Wednesday, 8 February 2012

The Seraphim, St. Margaret Mary and the Sacred Heart (1)

St Margaret Mary with PUTTI, not Seraphim!
Carrado Giaquinto, 1765
The reading of St. Francis de Sales  naturally made me take the road to Paray-le-Monial again.  This was prompted by the timely arrival of a kind and thoughtful present from a friend: The Autobiography of St. Margaret Mary, Tan Books, 1986. (HERE )  ( So  thanks Maria!) Reading it today  I noted that she tells us that she imagined, whilst looking at a picture of St. Francis de Sales , that he called her his daughter and that she felt that he had become her ‘good father’: this appears to be before she decided to join the Convent of the Visitation at Paray-le-Monial.   What I also find fascinating is that she describes the Sacred  Heart  using the idea of fire and a furnace of love.  I was expecting her imagery to be rather more anatomical, but no. Her description is all about fire and light.  All of this makes the subsequent imagery of the Sacred Heart which came out of the Paray-le-Monial experiences even more perplexing.  Did artists actually bother to READ her autobiography? This emphasis on the Sacred Heart as a fire and a furnace of love is made even clearer in her reference to her vision of the Seraphim.  Our icon is, I think quite a rare example of  showing the Sacred Heart and the Seraphim.  But what is puzzling is why the image of the Sacred Heart and the Seraphim is not more common, given what St Margaret Mary actually wrote : 

Seraphim in the fresco at the
Chapel of the Visitation, Paray-le-Monial
I felt myself wholly rapt in interior and exterior recollection, and at that time, the Adorable Heart of my Jesus appeared brighter than the sun.  It was surrounded by the flames of Its pure love, and encircled by Seraphim, who sang in marvelous harmony: ‘ Love triumphs, love enjoys, the love of the Sacred Heart rejoices!’ These blessed spirits invited me to unite with them in praising this Divine Heart, but I did not dare do so.  They reproved me, telling me they had come in order to form an association with me, whereby to render It a perpetual homage of love, adoration and praise, and that , for this purpose, they would take my place before the Blessed Sacrament.  Thus I might be able, by their means, to love It continually, and as they would participate in my love and suffer in my person, I on my part, should rejoice with them.  At the same time they wrote the association in the Sacred Heart in letters of gold, and in indelible characters of love.  This lasted from two to three hours, and I have  felt the effects thereof throughout my life, both by the assistance I received, and by the sweetness which it produced and continued to produce in me, although I felt overwhelmed with confusion.  From that day I addressed them by no other name, when praying to them, than by that of my divine associates. (pp 102- 103)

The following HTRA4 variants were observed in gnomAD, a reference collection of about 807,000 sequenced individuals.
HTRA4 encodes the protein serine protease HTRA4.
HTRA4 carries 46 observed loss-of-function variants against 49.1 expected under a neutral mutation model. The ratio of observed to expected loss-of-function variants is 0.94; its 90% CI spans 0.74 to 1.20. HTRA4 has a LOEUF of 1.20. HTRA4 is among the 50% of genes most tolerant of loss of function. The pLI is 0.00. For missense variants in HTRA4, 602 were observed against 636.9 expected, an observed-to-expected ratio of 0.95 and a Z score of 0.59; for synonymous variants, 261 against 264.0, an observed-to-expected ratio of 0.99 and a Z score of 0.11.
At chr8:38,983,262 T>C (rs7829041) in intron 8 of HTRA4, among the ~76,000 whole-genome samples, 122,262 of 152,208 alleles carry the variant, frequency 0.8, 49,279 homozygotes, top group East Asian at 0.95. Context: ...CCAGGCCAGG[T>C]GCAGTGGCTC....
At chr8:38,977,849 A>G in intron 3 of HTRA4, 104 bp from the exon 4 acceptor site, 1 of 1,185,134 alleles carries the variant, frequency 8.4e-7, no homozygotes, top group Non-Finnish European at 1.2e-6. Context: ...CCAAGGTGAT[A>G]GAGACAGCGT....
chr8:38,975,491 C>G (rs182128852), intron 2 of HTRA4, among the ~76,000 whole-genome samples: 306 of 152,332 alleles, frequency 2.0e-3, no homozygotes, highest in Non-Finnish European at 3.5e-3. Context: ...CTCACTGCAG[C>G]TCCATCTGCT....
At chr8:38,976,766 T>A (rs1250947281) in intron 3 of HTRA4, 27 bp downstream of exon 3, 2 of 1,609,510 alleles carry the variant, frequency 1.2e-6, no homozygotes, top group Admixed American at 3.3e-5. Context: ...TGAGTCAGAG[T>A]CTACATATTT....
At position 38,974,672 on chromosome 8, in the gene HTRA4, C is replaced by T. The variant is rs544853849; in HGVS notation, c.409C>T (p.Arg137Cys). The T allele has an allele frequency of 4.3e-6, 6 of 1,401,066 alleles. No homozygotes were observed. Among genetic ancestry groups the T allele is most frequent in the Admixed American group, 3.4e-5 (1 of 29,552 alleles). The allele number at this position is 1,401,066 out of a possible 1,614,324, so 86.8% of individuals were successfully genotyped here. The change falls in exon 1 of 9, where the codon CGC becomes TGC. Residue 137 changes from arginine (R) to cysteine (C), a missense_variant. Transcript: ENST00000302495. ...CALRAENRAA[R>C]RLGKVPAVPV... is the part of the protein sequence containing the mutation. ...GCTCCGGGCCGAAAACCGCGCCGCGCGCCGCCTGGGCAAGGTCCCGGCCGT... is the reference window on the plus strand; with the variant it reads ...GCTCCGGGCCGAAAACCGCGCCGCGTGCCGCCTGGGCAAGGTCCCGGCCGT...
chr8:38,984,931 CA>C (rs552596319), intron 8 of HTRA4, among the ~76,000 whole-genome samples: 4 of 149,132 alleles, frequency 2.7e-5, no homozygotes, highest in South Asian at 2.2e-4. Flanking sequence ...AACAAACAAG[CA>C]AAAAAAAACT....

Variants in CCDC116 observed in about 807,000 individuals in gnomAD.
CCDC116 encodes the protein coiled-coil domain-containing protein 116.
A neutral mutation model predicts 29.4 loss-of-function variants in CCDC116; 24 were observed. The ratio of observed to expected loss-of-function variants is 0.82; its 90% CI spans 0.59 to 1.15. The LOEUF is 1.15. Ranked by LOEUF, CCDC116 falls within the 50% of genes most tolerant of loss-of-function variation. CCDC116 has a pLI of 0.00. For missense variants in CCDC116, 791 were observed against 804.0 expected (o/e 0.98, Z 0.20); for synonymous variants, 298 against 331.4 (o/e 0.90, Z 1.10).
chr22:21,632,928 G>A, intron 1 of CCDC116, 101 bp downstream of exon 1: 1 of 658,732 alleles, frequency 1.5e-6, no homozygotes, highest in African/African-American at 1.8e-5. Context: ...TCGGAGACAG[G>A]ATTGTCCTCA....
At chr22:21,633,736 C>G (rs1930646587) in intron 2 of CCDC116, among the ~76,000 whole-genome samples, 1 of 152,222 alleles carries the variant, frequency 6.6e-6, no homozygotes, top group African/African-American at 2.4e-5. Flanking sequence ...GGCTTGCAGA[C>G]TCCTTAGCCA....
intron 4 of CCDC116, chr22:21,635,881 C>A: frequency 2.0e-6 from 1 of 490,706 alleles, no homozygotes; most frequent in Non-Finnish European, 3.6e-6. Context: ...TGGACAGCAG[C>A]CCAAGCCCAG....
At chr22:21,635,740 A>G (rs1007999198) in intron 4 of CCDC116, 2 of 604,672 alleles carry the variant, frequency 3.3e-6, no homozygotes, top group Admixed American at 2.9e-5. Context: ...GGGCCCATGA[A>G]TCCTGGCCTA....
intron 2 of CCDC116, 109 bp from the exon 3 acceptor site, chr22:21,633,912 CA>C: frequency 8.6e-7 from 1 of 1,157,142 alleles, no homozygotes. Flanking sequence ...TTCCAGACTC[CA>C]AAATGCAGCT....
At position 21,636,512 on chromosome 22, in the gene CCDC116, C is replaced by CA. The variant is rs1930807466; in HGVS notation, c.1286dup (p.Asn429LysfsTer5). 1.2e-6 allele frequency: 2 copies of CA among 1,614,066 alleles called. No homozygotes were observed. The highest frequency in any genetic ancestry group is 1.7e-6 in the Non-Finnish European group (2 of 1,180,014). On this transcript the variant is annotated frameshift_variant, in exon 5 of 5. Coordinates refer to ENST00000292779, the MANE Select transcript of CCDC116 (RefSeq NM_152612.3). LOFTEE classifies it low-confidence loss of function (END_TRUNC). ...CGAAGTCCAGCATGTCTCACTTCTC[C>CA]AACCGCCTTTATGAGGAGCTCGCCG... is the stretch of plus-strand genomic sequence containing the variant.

Thus the Seraph in the top left once gain provides an important focus for reading the icon.  It draws our attention to the close association between the Seraphim and the Sacred Heart for St Margaret Mary - BUT, not for the imagery which dominated the devotion inspired by her experiences!!  I am, however, very puzzled as to why this association is not more widespread in the imagery of the Sacred Heart – especially in the light of the importance she attached to the role of the Seraphim??  Where they do make an appearance they tend to be represented by (dreadful, sentimental, cute and terribly kitsch) ‘putti’ rather than by six winged Seraphim.  I wonder How many artists bothered to include the Seraphim in pictures of the  Sacred Heart / St Margaret Mary?  I have not come across too many..thus far.  

A beautiful and powerful prayer by Saint Margaret Mary that  brings out the significance she attached to the Seraphim:

O most loving Heart of my only love, Jesus, not being able to love, honor and glorify Thee according to the extent of the desire which Thou hast given me to do so, I invite Heaven and earth to join with me; I unite myself with the burning Seraphim to love Thee. 

O Heart all burning with love, mayest Thou inflame Heaven and earth with Thy most pure flames and consume all that they contain, in order that all creatures may breathe only by Thy love! Grant me either to die or to suffer, or at least change me completely and make me all heart in order to love Thee, consuming myself in Thy burning ardor.

 O Divine fire, O all pure flames of the Heart of my only love, Jesus, burn me without pity, consume me and I will not resist. Oh! why dost Thou spare me since I deserve only fire and since I am fit only for burning? 

O Love of Heaven and earth, come, come, into my heart and inflame me! O devouring fire of the Divinity, come, descend upon me! Burn me, consume me in the midst of Thy most lively flames which make those live who die in them.

 Amen. *

I think that this is a prayer which is very much in keeping with a teilhardian understanding of the Sacred Heart.  I wonder if he knew it? Probably not,  but it is very close to his own prayers to the Sacred Heart. I feel the icon is reflecting the sentiments of this prayer in so many ways: if I were to put a list of prayers which help us to read this icon I would say this prayer would be high on that list.  A real find, and a real treasure.

(More of her prayers HERE.)*

This is so very nice: because when I see the Seraph in the icon I can remember St. Margaret Mary and recall the payer (above).  It is amazing how that Seraph has assumed such an important place in the icon!  

*Taken from Prayers Composed in Honor of the Sacred Heart by St. Margaret Mary, edited by Monsignor Gauthey, Paris 1951.

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